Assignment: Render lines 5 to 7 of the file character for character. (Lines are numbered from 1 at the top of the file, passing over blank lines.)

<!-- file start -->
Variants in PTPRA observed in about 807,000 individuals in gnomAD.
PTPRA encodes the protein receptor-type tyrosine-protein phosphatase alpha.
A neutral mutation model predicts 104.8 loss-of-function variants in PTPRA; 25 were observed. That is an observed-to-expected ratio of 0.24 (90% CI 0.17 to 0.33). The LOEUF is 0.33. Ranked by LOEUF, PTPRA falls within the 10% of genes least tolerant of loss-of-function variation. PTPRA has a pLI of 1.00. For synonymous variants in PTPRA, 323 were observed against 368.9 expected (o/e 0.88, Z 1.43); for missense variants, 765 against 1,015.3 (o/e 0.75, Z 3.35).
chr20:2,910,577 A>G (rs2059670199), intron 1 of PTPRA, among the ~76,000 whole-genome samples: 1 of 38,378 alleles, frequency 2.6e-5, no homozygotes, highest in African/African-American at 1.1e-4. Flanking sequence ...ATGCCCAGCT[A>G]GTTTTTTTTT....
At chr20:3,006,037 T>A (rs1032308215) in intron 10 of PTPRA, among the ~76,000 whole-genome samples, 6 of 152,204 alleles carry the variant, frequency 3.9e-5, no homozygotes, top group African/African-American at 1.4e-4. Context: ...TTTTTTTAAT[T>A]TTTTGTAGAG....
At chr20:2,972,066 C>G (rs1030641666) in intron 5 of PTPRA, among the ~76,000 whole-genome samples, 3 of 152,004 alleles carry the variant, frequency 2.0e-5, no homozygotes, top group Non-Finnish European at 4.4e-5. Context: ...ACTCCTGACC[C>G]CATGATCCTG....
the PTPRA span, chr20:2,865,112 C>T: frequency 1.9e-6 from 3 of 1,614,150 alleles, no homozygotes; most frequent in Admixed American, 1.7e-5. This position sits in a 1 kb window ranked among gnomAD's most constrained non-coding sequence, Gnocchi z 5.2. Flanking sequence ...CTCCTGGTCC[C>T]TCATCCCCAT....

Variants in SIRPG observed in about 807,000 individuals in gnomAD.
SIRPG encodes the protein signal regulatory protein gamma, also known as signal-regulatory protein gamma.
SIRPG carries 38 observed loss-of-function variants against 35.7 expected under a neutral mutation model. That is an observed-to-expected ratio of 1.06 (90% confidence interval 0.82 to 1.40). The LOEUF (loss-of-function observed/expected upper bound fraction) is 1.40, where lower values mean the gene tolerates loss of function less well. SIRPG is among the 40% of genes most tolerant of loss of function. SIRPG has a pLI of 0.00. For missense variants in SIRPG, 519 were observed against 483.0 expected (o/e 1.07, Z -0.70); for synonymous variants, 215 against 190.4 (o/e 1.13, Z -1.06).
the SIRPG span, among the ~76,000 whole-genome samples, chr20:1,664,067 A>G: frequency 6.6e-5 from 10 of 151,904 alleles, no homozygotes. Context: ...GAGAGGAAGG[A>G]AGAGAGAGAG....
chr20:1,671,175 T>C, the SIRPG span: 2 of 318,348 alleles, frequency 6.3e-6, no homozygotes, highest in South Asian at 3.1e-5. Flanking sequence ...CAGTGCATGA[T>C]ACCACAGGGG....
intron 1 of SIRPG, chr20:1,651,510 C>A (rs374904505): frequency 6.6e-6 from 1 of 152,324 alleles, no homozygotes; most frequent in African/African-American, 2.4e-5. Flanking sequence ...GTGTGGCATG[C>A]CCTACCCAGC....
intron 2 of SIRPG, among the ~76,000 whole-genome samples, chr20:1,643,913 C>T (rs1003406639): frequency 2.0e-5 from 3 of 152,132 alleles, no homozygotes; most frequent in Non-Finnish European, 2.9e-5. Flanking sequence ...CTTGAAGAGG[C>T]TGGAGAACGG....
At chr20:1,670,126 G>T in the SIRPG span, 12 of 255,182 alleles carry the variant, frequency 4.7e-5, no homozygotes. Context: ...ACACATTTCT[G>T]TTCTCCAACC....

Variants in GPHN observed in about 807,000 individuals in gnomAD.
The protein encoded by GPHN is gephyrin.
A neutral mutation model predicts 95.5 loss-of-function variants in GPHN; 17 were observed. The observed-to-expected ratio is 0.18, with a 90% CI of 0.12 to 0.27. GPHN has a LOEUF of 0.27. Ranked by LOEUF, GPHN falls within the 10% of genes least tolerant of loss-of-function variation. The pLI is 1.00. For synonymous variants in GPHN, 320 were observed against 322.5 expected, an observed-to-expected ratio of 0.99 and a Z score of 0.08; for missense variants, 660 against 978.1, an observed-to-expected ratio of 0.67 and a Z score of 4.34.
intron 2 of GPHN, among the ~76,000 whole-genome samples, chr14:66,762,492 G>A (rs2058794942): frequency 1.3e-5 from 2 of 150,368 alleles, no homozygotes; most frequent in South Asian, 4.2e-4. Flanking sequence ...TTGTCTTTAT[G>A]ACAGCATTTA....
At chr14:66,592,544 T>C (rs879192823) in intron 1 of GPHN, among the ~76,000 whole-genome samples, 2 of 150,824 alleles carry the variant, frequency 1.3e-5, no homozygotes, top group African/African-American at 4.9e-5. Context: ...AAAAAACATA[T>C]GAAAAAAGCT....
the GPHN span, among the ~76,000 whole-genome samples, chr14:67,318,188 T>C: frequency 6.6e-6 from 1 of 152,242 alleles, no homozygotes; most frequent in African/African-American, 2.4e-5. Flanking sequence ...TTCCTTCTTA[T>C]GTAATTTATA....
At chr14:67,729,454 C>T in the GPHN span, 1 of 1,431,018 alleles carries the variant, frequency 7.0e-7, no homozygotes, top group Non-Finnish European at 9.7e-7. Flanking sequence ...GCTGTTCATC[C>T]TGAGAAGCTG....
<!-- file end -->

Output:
At chr20:3,006,037 T>A (rs1032308215) in intron 10 of PTPRA, among the ~76,000 whole-genome samples, 6 of 152,204 alleles carry the variant, frequency 3.9e-5, no homozygotes, top group African/African-American at 1.4e-4. Context: ...TTTTTTTAAT[T>A]TTTTGTAGAG....
At chr20:2,972,066 C>G (rs1030641666) in intron 5 of PTPRA, among the ~76,000 whole-genome samples, 3 of 152,004 alleles carry the variant, frequency 2.0e-5, no homozygotes, top group Non-Finnish European at 4.4e-5. Context: ...ACTCCTGACC[C>G]CATGATCCTG....
the PTPRA span, chr20:2,865,112 C>T: frequency 1.9e-6 from 3 of 1,614,150 alleles, no homozygotes; most frequent in Admixed American, 1.7e-5. This position sits in a 1 kb window ranked among gnomAD's most constrained non-coding sequence, Gnocchi z 5.2. Flanking sequence ...CTCCTGGTCC[C>T]TCATCCCCAT....